Daily Archives: October 16, 2008

Tango in Buenos Aires (Part III)


A little note on music in the milongas… The music has been incredible in all the milongas.  Incredible in comparison to what we have generally heard in Toronto.  The playlists are generally amazing and the djs are generally reading the floor.  It just seems completely unacceptable that bad tango is being played in milongas around the world.  Keep in mind that we’ve only been to the traditional milongas where the “good” DJs play.


Before leaving for Buenos Aires, we had done our good share of research on people we might be interested in learning from.  We knew that we would focus more on group classes until we found someone we might be interested in learning from in privates.  We also knew that we would not pay ridiculous prices for private lessons from some or any of the “big names” in tango.  As we slowly got our bearings in this city, we started attending some group classes.  OK, we attended two group classes and realized group lessons were NOT going to work for us; at least not the “popular” classes or “all-level” classes.  In the classes we went to, you were forced to change partners.  Yes, yes, this is supposed to be a good thing.  Well it’s not a good thing when the dancers have no idea what they’re doing (in the intermediate/advanced class), but then attempt to avoid the obvious foreigners (i.e., the two of us).  This is quite amusing when you are obviously the best dancers in the class!?  Yes, a complete lack of modesty here, but we also want to be honest about our experiences.  There were some great technical aspects taught, but it was at this point we realized that group classes were going to be a waste of time and money for us.

At our fourth visited milonga, we spent most of the night being captivated by the dancing of one much older couple… what INCREDIBLE dancers. They were older but danced much younger in that she had beautiful technique in her legs and his posture was straight and beautiful. Their dancing was extremely intricate and super musical. They were elegant and amazing. We decided we must speak with them and see if they teach. And we did. He was very happy that we liked their dancing and were interested in lessons. His wife and him do teach (they have a card that says so ;) and they teach only couples at their place… for get this, 60 pesos for a 1.5 hour lesson by both of them!  Finally, a non-tourist price and they are one of the most beautiful couples we’ve seen dancing so far. Are they “milongueros”?  No. But they have a special something.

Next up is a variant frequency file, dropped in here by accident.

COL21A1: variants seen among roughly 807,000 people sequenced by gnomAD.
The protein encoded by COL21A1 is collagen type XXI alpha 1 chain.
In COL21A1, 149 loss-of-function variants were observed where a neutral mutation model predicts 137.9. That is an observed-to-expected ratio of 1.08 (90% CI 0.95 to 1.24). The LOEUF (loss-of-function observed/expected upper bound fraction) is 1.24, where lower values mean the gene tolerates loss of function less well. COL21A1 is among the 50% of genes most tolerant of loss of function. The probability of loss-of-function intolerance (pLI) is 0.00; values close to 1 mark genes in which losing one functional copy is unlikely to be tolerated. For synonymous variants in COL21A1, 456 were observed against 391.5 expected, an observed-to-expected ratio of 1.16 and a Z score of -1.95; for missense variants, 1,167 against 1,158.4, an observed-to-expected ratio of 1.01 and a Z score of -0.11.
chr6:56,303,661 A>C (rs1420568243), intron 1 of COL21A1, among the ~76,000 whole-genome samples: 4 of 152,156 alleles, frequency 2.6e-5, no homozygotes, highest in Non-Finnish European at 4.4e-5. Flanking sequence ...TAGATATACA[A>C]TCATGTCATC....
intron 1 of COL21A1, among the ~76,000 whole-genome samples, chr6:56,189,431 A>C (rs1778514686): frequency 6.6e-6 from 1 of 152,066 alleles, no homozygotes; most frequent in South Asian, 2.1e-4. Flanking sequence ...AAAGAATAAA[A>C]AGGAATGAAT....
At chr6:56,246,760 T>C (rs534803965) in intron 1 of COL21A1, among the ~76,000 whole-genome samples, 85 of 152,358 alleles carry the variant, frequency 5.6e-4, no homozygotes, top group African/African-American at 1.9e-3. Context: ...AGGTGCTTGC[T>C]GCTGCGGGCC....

We start lessons with them next week.  If it goes well, we’ll definitely continue with weekly privates with them.  We have never seen them on YouTube, we haven’t heard their names before and you can’t really find anything about them on the internet. However, they seemed to be really respected at the milonga and we trust our background in dancing and our short lives in Tango as proof that they are quite amazing.

Finally, we emailed the one young, “semi-big name” couple we adore for lessons.  Since they are touring a lot, they weren’t teaching any group lessons during their brief return to BA (and as we mentioned, we’re pretty turned off group lessons).  We were extremely happy to hear that they charge very reasonable prices (somewhere between Argentinean prices and tourist prices).  We booked 3 lessons with them (in order to get a more discounted price AND to get a couple lessons with them).

We had our three lessons with them and they were great.  When asked what we wanted to work on, we replied, “Our walk, our posture, and the Argentinean feel of the embrace” (more on this in “The Elusive Embrace”).  They were able to spot very specific weaknesses in our dance and then give us very specific exercises to work on (right there during the lesson and as “take-homes”).

As time progressed, we realized we weren’t all that happy with the private lessons and we realized their teaching was not specific to our needs.  In other words, we found that we could have been any couple and they were sort or regurgitating the same things they teach everyone (regardless of level or ability).  With that, we decided to take their group classes instead.

Still more to come in Part IV!

Read more about our experiences in our previous posts: Tango in Buenos Aires (Part I) and Tango in Buenos Aires (Part II).